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Doctor in Medicine and Surgery, Professor of Special Cultures in the Central High School of Agricultural Engineers, and member of various scientific societies at home aud abroad. It treats of the organs, the physiology, the influence of atmospheric agencies, and the longevity and death of trees; it enters then on the consideration of all that relates to the culture of trees, and to the greatest possible extension of woodlands, with a view to aiding in which there is given a monograph on the culture required by each species; with notices of what is required in this in gardens, in pasture lands, in the open country, in parks, &c.; and the work concludes with observations on the utilisation and profitable exploitation of woodlands; and a recapitulation of the Spanish forestal legislation, which might affect or interest proprietors. The author states that he has throughout these lectures made use of the doctrines advanced in the work on the same subject by M. Du Breuil.
In 187i was published in Tarragona, under the leading title of Estudios Forestries—two volumes by D. H. Ruis Amado, Forest Engineer, treating of the forests in their relation to the necessities of the village population. The author held the rank of Forest Engiueer-in-Chief of the first class In this are discussed numerous matters pertaining to forestry. The work was held in high estimation, as was also the author, to whom was awarded a gold medal for its publication.
Interested as the authors of these several works were as professional men, in the professional work to which they were more immediately called, they saw, as enlightened patriots, that by them, if not also by all who engaged in a similar calling, the importance of replenishing divested forests, and creating an extension of the woodlands of the country, was being realised, as it had not yet been realised, by the mass of their countrymen.
Section 4—Studies Of Fourth Year.
In the fourth year of the student's curriculum, be is required to give attention to xilometry ; forest ordenacion, or forest partition and systematic exploitation on scientific principles; forest industries; the administration of law; and political economy.
Sylviculture, to which attention is given in the third year of the course of study, and xilometry and forest ordenacion, to which attention is given in the fourth year of that curriculum, all relate to the modern scientific exploitation of forests, which, devised and developed by Hartig and Cotta iu Saxony, in the beginning of the present century, has been introduced into Spain as into the other countries on the Continent of Europe, giving a character to the whole course of procedure in regard to forests, and the training of forest officials for the management of these.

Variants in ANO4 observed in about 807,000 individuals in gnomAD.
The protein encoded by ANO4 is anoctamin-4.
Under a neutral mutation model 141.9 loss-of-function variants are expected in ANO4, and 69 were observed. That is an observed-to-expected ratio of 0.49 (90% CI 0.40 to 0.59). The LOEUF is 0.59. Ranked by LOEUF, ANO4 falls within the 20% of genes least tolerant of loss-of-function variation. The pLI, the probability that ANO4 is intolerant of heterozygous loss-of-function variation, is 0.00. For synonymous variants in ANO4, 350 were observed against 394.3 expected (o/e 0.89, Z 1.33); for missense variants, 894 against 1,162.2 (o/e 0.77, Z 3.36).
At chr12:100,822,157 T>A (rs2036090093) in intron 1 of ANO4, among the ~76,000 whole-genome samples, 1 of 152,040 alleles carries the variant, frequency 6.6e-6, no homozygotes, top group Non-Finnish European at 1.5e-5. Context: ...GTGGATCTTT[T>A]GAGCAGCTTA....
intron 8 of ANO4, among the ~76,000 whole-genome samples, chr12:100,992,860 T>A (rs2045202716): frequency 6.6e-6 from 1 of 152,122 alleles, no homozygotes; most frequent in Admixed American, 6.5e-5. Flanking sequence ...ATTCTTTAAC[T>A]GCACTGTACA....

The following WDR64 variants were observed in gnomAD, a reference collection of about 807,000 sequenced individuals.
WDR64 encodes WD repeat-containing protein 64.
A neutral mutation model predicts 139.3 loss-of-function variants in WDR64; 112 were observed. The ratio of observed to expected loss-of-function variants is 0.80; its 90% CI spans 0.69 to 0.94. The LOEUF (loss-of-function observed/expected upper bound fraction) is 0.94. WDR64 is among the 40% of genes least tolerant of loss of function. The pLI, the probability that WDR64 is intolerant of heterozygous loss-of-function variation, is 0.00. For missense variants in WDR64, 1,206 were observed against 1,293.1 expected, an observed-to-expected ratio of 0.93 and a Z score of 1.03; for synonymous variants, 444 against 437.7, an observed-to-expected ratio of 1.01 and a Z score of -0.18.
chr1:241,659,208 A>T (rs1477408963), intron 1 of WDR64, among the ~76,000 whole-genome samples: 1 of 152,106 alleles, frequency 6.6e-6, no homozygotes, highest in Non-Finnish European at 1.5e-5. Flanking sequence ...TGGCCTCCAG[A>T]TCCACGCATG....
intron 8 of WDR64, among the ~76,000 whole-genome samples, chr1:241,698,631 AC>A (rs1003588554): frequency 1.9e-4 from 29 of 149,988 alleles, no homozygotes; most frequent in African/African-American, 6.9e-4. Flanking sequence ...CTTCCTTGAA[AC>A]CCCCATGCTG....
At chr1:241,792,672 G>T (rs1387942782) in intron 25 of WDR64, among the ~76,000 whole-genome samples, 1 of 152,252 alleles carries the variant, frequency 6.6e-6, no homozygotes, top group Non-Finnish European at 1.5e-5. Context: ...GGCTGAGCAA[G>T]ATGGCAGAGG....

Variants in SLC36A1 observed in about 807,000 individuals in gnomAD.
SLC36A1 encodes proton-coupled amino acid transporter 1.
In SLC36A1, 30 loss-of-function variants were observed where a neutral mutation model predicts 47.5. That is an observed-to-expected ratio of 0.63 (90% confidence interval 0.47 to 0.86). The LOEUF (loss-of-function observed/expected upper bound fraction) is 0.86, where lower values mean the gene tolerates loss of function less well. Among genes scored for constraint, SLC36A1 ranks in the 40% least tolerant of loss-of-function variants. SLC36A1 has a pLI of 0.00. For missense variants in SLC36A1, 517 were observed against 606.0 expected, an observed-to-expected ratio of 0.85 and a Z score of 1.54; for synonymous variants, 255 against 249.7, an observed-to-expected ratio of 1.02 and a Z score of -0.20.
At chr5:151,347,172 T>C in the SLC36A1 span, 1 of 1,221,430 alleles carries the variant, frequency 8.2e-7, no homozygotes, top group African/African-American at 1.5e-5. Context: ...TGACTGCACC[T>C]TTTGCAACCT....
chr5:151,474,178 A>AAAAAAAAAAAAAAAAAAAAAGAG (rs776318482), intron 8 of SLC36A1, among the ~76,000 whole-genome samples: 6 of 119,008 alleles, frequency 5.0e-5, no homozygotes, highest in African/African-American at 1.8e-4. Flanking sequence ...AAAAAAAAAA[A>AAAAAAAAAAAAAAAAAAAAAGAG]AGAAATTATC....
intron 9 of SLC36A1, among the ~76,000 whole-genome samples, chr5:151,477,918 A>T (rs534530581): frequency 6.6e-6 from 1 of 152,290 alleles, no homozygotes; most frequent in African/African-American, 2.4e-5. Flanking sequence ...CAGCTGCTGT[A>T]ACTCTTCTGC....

Sub-Section 1.—Xilometry and Forest Ordenacion.
Xilometry comprises all that relates to the measuring of wood, and the principles involved in the application of this to trunks, boughs, and branches of growing trees, in ordor to enable the administrator of a forest to ascertain what cubic increase is being made by growth in each year, or decade, in the trees of a forest under his administration— that he may proportion to this the quantity of timber or firewood which may be taken from different compartments in it, it may be in different stages of growth and with varying degrees of vegetative vitality, with a view to insuring sustained productiveness. Ordenacion relates to the partitioning of the forest into compartments; with a view to successive thinnings of different extent, culminating in a final felling, which will leave only the trees reserved for seeding to ensure the natural re-production of the forest. And Sylviculture relates to the culture of seedlings, saplings, poles,and perches; the production of these by self-sown seeds; and artificial sowings or plantings required in the extension or creation of forests, or the replenishing of any which have become to a greater or less extent devastated, and of spots in self-sown re-produced forests, which from any cause may not have been covered with seedlings like the ground around; and to the treatment of the whole, till the cycle or revolution of re-production and felling has been completed.